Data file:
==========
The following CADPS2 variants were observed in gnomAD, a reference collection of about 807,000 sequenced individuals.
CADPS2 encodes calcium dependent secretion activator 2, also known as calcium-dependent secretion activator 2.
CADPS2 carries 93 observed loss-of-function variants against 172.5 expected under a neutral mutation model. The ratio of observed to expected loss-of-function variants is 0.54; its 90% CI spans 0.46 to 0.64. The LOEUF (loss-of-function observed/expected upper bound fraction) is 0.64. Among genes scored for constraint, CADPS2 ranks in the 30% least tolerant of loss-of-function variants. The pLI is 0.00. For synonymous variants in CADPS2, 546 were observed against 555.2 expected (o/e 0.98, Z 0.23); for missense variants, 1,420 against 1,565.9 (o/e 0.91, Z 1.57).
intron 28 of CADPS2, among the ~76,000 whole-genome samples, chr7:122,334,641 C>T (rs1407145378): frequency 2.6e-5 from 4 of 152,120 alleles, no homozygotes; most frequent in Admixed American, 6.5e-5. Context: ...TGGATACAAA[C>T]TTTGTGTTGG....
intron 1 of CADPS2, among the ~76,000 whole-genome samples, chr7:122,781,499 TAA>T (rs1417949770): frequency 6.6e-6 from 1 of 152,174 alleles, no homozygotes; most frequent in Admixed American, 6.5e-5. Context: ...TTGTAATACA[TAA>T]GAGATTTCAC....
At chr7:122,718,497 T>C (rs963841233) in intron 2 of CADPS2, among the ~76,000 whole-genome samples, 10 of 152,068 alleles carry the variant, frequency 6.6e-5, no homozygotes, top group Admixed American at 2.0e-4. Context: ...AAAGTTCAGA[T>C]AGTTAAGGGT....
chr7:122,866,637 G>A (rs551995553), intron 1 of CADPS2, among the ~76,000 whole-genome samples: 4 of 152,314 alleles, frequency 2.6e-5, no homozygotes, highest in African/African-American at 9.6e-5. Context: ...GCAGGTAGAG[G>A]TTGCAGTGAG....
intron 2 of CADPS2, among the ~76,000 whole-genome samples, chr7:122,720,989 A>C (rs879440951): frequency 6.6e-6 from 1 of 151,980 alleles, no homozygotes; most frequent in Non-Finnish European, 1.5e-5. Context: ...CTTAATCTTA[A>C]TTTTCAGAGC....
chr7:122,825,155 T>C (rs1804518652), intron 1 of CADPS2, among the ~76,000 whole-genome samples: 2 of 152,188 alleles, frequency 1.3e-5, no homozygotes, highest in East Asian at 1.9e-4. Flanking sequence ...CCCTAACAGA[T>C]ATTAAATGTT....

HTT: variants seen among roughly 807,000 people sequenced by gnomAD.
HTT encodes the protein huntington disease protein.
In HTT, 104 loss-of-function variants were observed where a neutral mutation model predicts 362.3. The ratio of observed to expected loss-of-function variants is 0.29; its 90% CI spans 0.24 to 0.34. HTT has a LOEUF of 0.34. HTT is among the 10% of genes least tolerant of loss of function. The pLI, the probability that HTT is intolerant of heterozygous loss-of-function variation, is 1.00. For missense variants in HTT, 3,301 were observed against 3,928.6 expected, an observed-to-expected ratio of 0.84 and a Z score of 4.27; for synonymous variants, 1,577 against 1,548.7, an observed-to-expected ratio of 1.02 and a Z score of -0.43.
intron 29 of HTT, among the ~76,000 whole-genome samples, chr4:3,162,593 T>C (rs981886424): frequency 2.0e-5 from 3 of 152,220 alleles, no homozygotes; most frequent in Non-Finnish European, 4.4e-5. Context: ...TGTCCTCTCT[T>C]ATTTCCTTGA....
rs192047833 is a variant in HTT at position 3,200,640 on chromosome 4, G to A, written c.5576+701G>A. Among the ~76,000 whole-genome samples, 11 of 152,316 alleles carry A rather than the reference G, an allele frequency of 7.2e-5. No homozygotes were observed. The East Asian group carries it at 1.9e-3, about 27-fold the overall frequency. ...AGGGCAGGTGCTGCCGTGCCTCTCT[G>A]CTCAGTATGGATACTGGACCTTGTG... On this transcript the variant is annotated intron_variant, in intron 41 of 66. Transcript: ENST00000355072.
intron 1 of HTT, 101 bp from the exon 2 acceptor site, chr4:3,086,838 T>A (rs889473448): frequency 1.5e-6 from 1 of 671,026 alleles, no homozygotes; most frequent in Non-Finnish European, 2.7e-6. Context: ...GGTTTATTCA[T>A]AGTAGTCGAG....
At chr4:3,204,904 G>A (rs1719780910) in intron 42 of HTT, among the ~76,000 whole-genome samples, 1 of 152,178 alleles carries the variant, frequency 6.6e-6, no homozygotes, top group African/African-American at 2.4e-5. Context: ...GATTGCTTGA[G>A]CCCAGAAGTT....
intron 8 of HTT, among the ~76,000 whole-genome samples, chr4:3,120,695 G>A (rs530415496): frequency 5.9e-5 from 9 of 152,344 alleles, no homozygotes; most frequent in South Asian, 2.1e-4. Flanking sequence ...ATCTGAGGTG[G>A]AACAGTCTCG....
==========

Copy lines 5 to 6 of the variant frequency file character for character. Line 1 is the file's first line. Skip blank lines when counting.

intron 1 of CADPS2, among the ~76,000 whole-genome samples, chr7:122,781,499 TAA>T (rs1417949770): frequency 6.6e-6 from 1 of 152,174 alleles, no homozygotes; most frequent in Admixed American, 6.5e-5. Context: ...TTGTAATACA[TAA>T]GAGATTTCAC....
At chr7:122,718,497 T>C (rs963841233) in intron 2 of CADPS2, among the ~76,000 whole-genome samples, 10 of 152,068 alleles carry the variant, frequency 6.6e-5, no homozygotes, top group Admixed American at 2.0e-4. Context: ...AAAGTTCAGA[T>C]AGTTAAGGGT....